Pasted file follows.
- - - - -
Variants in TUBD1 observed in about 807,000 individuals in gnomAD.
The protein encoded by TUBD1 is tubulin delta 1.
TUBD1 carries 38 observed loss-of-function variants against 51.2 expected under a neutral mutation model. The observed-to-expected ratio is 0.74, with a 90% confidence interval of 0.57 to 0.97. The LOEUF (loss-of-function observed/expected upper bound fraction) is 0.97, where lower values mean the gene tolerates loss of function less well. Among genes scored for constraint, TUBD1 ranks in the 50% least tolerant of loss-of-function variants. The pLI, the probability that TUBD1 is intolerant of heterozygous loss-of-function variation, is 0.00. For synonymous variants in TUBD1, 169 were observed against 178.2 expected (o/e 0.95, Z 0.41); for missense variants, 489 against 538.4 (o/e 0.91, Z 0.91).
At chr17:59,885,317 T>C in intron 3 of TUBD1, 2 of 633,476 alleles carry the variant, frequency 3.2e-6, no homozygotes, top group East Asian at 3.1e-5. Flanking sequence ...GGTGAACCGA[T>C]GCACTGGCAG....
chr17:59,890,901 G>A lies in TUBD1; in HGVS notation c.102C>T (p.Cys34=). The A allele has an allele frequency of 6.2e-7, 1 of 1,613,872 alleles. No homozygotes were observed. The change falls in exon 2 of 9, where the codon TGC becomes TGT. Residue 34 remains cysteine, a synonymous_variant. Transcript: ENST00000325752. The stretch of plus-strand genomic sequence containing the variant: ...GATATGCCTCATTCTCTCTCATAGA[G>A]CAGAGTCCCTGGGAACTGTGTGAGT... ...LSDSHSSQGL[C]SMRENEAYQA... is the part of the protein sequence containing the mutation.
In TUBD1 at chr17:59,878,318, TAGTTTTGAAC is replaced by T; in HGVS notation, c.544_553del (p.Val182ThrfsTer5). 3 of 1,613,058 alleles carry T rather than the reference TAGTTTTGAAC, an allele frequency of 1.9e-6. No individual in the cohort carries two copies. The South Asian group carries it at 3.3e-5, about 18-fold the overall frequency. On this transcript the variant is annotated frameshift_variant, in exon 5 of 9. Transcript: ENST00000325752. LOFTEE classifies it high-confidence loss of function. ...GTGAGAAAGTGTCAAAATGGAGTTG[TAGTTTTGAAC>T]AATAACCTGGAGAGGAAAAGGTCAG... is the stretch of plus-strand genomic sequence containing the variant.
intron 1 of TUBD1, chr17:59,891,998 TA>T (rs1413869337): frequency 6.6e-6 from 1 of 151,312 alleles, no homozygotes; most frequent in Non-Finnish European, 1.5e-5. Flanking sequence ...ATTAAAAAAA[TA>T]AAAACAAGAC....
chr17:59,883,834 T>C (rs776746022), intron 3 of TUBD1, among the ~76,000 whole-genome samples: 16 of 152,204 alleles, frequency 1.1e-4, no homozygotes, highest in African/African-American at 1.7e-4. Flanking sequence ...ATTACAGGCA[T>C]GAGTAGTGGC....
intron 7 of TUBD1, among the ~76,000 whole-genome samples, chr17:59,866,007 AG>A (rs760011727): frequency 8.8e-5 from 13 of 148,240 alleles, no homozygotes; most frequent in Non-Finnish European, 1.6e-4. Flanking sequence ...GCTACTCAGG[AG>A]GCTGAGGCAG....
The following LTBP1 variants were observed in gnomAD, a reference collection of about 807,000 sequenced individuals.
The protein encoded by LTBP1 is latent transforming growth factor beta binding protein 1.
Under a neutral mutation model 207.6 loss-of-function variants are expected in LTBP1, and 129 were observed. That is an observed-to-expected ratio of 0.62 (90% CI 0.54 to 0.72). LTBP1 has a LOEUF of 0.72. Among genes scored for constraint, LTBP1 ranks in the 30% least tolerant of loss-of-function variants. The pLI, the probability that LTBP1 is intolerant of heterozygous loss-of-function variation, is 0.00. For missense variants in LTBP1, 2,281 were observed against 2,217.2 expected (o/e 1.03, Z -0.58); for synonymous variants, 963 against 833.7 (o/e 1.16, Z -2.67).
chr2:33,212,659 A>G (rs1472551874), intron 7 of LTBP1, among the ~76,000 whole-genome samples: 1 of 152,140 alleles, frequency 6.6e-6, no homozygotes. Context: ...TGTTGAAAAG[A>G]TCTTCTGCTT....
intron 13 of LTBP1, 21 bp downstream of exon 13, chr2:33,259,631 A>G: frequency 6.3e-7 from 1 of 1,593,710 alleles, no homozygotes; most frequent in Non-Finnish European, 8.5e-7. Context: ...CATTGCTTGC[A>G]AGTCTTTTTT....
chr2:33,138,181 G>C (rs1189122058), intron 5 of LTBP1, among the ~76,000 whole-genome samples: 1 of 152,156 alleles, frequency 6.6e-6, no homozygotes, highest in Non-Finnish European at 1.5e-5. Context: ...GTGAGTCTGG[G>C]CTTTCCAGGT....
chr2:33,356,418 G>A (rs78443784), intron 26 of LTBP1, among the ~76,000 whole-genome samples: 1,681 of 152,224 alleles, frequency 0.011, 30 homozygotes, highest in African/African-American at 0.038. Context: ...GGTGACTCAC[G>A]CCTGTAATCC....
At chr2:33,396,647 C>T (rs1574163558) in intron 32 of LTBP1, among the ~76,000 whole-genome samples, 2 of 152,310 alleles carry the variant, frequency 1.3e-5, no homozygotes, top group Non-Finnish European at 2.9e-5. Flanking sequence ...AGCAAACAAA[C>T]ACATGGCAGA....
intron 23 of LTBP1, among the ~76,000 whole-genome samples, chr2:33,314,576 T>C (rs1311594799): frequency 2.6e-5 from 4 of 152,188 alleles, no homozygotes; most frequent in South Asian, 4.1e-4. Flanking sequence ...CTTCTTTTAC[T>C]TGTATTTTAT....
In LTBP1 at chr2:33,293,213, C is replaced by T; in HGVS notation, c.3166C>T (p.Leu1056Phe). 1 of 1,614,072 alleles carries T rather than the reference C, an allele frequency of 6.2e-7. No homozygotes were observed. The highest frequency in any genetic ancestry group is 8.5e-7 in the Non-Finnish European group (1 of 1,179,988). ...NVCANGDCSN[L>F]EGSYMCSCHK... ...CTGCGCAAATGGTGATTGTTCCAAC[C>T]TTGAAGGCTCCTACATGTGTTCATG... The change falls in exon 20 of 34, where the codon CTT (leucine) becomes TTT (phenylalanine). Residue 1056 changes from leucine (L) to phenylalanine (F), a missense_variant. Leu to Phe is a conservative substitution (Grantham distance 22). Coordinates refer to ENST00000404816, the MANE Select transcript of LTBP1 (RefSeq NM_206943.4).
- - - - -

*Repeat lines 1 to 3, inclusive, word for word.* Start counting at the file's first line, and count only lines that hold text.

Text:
Variants in TUBD1 observed in about 807,000 individuals in gnomAD.
The protein encoded by TUBD1 is tubulin delta 1.
TUBD1 carries 38 observed loss-of-function variants against 51.2 expected under a neutral mutation model. The observed-to-expected ratio is 0.74, with a 90% confidence interval of 0.57 to 0.97. The LOEUF (loss-of-function observed/expected upper bound fraction) is 0.97, where lower values mean the gene tolerates loss of function less well. Among genes scored for constraint, TUBD1 ranks in the 50% least tolerant of loss-of-function variants. The pLI, the probability that TUBD1 is intolerant of heterozygous loss-of-function variation, is 0.00. For synonymous variants in TUBD1, 169 were observed against 178.2 expected (o/e 0.95, Z 0.41); for missense variants, 489 against 538.4 (o/e 0.91, Z 0.91).